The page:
Received Date: November 27, 2014; Accepted Date: December 06, 2014; Published Date: December 08, 2014
Citation: Babatunde O, Mong R, Kudlaty E, Satiani B (2015) Vanishing Thrombus Resulting in Pulmonary Saddle Embolism. J Vasc Med Surg 3:169. doi: 10.4172/2329-6925.1000169
Copyright: © 2015 Babatunde O, et al. This is an open-access article distributed under the terms of the Creative Commons Attribution License, which permits unrestricted use, distribution, and reproduction in any medium, provided the original author and source are credited.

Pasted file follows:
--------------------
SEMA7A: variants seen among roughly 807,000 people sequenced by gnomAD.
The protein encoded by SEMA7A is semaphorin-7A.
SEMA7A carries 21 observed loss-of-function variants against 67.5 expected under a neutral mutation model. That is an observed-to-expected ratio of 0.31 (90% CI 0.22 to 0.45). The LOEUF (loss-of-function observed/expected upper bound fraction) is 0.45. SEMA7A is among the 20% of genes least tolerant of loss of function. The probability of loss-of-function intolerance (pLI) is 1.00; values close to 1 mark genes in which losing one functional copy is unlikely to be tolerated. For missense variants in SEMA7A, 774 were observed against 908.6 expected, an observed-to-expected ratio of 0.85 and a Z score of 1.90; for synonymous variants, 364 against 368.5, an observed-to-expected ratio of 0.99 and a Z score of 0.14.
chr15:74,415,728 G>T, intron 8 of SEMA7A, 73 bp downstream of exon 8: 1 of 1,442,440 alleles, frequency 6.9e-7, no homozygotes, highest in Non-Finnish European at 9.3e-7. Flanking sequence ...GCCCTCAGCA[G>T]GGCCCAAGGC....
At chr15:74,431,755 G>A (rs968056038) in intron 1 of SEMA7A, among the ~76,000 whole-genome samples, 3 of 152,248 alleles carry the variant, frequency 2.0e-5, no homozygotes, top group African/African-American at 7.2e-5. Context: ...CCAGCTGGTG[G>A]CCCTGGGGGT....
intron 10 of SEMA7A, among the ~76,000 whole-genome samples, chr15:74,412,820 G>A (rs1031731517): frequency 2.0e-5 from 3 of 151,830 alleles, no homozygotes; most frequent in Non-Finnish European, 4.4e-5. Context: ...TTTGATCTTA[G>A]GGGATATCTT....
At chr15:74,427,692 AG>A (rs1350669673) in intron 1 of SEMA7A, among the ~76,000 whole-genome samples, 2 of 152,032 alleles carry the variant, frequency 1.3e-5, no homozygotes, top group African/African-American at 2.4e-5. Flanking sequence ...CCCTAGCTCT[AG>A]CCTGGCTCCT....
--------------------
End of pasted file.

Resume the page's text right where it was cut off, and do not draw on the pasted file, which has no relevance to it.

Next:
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While there are rare reports of pulmonary embolism in patients with acute deep venous thrombosis following duplex venous scanning, it is distinctly rare to document a case of pulmonary embolism during the scan. This case demonstrates the challenge for the technologist and reading physician as well as possible preventive measures to be utilized during scanning in patients with acute deep venous thrombosis.
Deep vein thrombosis; Pulmonary embolism; Vanishing thrombus